SpudmanWP wrote:I wonder how much of the fuel was removed to house the IRST?

Looking up the GE Aviation FPU-13 fuel tank assembly, it seems it has 330gal capacity from the 480gal tank. So you lose 1,000lb of the 3,250lb carried by a standard tank. This will be more than offset by the CFTs that are being put on new/refurb Block IIIs in 2020-ish.
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Unread post18 May 2018, 18:17

sprstdlyscottsmn wrote:
SpudmanWP wrote:I wonder how much of the fuel was removed to house the IRST?

Looking up the GE Aviation FPU-13 fuel tank assembly, it seems it has 330gal capacity from the 480gal tank. So you lose 1,000lb of the 3,250lb carried by a standard tank. This will be more than offset by the CFTs that are being put on new/refurb Block IIIs in 2020-ish.


You'd only be carrying the IRST in counter-air which is the last place you'd want CFTs.
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Unread post18 May 2018, 19:26

marauder2048 wrote:You'd only be carrying the IRST in counter-air which is the last place you'd want CFTs.

Maybe you don't want CFTs, maybe you do. It would vastly increase CAP time on station.
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Unread post18 May 2018, 21:15

sprstdlyscottsmn wrote:It would vastly increase CAP time on station.


Not trying to be contentious but I thought that's why they were spending billions on a robo-tanker...
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Unread post19 May 2018, 01:39

Why not both? No, they are spending money on Robo Tanker so that Hornets don't have to be tankers
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Unread post19 May 2018, 13:32

sprstdlyscottsmn wrote:
mixelflick wrote:It obviously can't be jettisoned, and as such has a big performance penalty. Why not develop a much smaller pod, with far less of drag penalty?

For a Super Hornet the drag of the centerline tank is DI 20. The drag of a single ATFLIR is DI 12.

Speaking to a SHornet driver, the centerline tank is always carried. Tanks are also never dropped. If you can find evidence of tanks being dropped in operational scenarios in the last 30 years let me know. Even F-15s on QRA doing a supersonic intercept keep their tanks on them. So, if the tank is already always there, and is already never dropped, save the 12 DI and put the FLIR in the tank. It will have better FOV from there anyway.


Find evidence how? It's not like there are mission data files sitting around for the general public to peruse. I'd surmise plenty a Phantom punched its wing tanks in Vietnam prior to mixing it up with Mig-17's, but how would I verify that? Likewise, I'd think our F-15's in Desert Storm did the same. But again, the USAF doesn't confirm (anywhere) that I can see when that's occurred.The best I can do is youtube's "dogfights" series, but I'd call that a less than complete/accurate source..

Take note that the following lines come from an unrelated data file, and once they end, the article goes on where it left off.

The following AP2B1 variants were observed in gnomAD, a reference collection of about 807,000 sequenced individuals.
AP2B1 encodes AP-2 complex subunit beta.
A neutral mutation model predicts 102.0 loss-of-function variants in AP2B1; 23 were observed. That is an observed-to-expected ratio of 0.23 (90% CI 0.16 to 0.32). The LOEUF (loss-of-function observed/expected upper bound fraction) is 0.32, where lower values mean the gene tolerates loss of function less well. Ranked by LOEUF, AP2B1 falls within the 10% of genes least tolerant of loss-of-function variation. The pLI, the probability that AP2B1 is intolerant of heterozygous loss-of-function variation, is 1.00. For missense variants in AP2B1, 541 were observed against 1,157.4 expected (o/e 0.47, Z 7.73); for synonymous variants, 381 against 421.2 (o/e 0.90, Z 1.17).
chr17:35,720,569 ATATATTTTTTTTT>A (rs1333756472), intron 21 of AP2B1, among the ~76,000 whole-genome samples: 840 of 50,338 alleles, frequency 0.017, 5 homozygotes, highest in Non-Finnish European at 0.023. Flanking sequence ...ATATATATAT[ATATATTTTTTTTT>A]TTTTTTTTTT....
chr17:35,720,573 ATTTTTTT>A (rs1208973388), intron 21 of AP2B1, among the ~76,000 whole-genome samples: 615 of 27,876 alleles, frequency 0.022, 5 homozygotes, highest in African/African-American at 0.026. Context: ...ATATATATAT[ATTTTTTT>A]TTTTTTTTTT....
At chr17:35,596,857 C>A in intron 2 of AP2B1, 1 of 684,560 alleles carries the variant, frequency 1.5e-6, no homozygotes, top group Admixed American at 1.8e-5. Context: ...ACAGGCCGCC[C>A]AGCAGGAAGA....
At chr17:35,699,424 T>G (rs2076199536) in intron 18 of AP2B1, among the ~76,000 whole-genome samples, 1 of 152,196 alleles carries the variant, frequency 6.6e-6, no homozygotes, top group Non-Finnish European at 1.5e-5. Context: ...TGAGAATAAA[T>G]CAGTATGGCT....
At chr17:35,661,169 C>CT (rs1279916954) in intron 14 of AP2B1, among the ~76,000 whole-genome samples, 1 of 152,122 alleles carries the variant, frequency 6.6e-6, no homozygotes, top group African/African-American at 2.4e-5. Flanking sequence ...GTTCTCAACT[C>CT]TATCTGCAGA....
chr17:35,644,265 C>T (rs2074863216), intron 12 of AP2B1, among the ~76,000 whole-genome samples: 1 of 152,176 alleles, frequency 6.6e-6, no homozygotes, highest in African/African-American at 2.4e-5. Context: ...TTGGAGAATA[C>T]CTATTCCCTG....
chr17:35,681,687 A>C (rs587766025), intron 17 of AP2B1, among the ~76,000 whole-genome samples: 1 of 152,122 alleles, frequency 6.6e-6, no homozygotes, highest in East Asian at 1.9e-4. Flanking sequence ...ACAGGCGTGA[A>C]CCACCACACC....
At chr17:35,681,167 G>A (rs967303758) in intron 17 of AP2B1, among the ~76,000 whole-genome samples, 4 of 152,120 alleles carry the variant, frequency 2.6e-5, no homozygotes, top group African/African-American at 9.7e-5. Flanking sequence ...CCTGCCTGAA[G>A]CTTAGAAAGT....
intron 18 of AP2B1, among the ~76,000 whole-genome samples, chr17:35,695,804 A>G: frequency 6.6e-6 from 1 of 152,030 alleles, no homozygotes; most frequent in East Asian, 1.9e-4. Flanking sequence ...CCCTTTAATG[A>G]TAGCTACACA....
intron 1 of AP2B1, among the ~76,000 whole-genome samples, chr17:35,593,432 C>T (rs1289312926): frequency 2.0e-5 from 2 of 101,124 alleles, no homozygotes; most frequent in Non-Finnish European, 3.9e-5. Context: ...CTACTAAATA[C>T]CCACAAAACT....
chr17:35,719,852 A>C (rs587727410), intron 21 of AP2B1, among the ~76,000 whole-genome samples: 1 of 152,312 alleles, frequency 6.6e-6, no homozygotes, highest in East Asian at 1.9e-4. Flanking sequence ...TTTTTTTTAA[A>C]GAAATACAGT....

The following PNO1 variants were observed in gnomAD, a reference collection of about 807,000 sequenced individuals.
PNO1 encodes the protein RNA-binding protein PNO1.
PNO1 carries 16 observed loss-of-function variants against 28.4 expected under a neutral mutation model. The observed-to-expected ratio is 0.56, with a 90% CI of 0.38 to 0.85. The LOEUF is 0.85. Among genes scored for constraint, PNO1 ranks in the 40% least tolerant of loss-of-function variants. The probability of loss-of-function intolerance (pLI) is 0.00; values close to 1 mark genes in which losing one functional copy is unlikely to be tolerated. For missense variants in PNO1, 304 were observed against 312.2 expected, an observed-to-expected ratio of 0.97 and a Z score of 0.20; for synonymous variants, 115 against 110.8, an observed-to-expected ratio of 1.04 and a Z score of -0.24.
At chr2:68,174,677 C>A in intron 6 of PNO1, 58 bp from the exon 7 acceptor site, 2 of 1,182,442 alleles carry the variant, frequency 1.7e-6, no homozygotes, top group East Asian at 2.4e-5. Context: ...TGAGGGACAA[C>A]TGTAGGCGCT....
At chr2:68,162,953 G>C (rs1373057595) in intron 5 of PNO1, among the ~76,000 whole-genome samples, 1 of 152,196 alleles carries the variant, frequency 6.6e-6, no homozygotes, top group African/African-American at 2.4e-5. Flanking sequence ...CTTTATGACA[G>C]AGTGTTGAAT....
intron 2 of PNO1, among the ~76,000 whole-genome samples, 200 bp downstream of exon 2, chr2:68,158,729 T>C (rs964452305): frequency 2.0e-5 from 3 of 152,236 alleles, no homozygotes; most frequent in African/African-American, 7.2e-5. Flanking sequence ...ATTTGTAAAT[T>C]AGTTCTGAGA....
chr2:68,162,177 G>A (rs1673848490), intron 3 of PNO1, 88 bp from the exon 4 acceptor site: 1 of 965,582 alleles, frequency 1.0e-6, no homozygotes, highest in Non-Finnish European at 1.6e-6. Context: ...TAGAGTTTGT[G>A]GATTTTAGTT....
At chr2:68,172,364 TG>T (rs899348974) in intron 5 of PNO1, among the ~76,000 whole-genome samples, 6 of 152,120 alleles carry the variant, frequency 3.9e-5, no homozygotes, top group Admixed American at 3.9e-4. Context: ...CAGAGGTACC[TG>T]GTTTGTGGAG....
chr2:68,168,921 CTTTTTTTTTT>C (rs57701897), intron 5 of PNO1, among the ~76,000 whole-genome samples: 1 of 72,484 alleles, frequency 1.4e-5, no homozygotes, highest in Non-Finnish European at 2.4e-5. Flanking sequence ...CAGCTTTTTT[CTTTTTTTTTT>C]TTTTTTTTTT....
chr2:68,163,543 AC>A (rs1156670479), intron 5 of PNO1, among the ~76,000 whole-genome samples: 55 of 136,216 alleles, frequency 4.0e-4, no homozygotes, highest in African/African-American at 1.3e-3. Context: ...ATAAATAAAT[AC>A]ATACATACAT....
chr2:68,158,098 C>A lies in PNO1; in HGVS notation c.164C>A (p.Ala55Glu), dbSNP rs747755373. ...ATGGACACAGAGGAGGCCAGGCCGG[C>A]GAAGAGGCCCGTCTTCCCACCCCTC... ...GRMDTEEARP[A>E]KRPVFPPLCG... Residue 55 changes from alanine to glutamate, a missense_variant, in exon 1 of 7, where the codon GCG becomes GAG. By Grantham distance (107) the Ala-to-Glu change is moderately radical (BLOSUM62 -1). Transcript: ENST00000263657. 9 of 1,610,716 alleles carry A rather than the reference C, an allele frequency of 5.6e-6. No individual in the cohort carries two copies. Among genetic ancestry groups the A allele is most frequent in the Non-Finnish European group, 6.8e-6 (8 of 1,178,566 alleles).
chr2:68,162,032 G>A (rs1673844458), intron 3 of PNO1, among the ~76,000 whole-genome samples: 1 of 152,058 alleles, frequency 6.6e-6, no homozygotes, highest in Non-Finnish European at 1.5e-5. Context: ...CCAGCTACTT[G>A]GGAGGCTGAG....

is there some official source I'm not aware of?
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Unread post19 May 2018, 13:50

There have been pictures of Vietnamese people using dropped tanks and canoes. That is evidence.

In my various studies and discussions with current pilots I have never heard of tanks being punched. I have been told that the tanks aren't punched. I have read about F-15s on a "Save the president" QRA intercept that flew supersonic for a few hundred miles and did so retaining the tanks.

So, in short there is ample evidence that back in the sixties and seventies tanks were dropped. All evidence from '91 on is that they are retained.
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Unread post20 May 2018, 04:32

sprstdlyscottsmn wrote:Why not both? No, they are spending money on Robo Tanker so that Hornets don't have to be tankers


The latter benefits practically all aircraft that can refuel the Navy way.

The former (even if they've gone the F-16 CFT route which doesn't appear to be the case)
just chews up scarce stores volume aboard a carrier in a way EFTs, even if they aren't separable, don't have to.
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Unread post20 May 2018, 13:14

mixelflick wrote:Find evidence how? It's not like there are mission data files sitting around for the general public to peruse. I'd surmise plenty a Phantom punched its wing tanks in Vietnam prior to mixing it up with Mig-17's, but how would I verify that? Likewise, I'd think our F-15's in Desert Storm did the same. But again, the USAF doesn't confirm (anywhere) that I can see when that's occurred.The best I can do is youtube's "dogfights" series, but I'd call that a less than complete/accurate source..

is there some official source I'm not aware of?



Centreline tanks usually have far less impact than wing tanks so there is probably less chance of them needing to drop it - wonder if they will treat it like a centreline ECM pod so they cannot jettison it?

A lot of the tanks used in Vietnam were not stressed for high G combat anyway and I am pretty certain IIRC F-4s had to drop the centreline to be able to fire the AIM-7s without them hitting it.

1993 AMRAAM F-16 claim for Craig Stevenson for certain because there is a photo of him on the tanker afterwards (somewhere), he dropped the tanks literally straight away (but kept the bombs)


regarding 2 MiG-29 claims on 26 Mar 1999 supposedly an email from Jeff Hwang (F-15s):

Boomer and I were tasked as Bosnia-Herzgovinia DCA on 26 Mar, vul time from 1500Z to 1900Z.
--
I called "COMBAT 1, ARM HOT" and saw Boomer's wing tanks come off with bright flames under the wing. Pretty impressive! I was well over the Mach when I punched my tanks off and the jet jumped up abruptly (you can see it in the HUD).